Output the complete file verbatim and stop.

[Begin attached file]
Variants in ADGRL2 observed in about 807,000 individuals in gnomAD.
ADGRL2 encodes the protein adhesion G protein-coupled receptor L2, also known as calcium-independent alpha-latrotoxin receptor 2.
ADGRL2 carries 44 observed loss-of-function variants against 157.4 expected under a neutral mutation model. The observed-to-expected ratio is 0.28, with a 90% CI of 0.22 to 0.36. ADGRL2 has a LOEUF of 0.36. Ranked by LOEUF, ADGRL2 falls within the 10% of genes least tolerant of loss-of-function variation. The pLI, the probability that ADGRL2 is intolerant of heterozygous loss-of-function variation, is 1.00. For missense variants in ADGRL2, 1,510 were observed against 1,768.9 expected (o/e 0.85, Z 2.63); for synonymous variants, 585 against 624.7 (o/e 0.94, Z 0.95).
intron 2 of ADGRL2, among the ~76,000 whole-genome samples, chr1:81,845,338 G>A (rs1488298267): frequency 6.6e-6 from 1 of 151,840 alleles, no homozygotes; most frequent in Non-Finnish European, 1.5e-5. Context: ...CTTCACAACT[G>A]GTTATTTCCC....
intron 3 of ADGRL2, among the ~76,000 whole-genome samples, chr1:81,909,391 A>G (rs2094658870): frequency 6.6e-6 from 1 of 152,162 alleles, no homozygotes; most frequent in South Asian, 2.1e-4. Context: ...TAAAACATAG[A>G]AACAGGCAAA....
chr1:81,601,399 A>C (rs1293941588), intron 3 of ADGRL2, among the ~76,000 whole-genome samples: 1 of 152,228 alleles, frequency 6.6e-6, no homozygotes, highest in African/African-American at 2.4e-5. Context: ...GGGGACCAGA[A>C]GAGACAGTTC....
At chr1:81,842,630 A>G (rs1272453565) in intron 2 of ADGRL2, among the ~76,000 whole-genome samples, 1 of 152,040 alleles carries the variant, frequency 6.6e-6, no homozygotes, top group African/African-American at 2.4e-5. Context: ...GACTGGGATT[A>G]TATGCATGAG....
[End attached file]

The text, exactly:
Variants in ADGRL2 observed in about 807,000 individuals in gnomAD.
ADGRL2 encodes the protein adhesion G protein-coupled receptor L2, also known as calcium-independent alpha-latrotoxin receptor 2.
ADGRL2 carries 44 observed loss-of-function variants against 157.4 expected under a neutral mutation model. The observed-to-expected ratio is 0.28, with a 90% CI of 0.22 to 0.36. ADGRL2 has a LOEUF of 0.36. Ranked by LOEUF, ADGRL2 falls within the 10% of genes least tolerant of loss-of-function variation. The pLI, the probability that ADGRL2 is intolerant of heterozygous loss-of-function variation, is 1.00. For missense variants in ADGRL2, 1,510 were observed against 1,768.9 expected (o/e 0.85, Z 2.63); for synonymous variants, 585 against 624.7 (o/e 0.94, Z 0.95).
intron 2 of ADGRL2, among the ~76,000 whole-genome samples, chr1:81,845,338 G>A (rs1488298267): frequency 6.6e-6 from 1 of 151,840 alleles, no homozygotes; most frequent in Non-Finnish European, 1.5e-5. Context: ...CTTCACAACT[G>A]GTTATTTCCC....
intron 3 of ADGRL2, among the ~76,000 whole-genome samples, chr1:81,909,391 A>G (rs2094658870): frequency 6.6e-6 from 1 of 152,162 alleles, no homozygotes; most frequent in South Asian, 2.1e-4. Context: ...TAAAACATAG[A>G]AACAGGCAAA....
chr1:81,601,399 A>C (rs1293941588), intron 3 of ADGRL2, among the ~76,000 whole-genome samples: 1 of 152,228 alleles, frequency 6.6e-6, no homozygotes, highest in African/African-American at 2.4e-5. Context: ...GGGGACCAGA[A>C]GAGACAGTTC....
At chr1:81,842,630 A>G (rs1272453565) in intron 2 of ADGRL2, among the ~76,000 whole-genome samples, 1 of 152,040 alleles carries the variant, frequency 6.6e-6, no homozygotes, top group African/African-American at 2.4e-5. Context: ...GACTGGGATT[A>G]TATGCATGAG....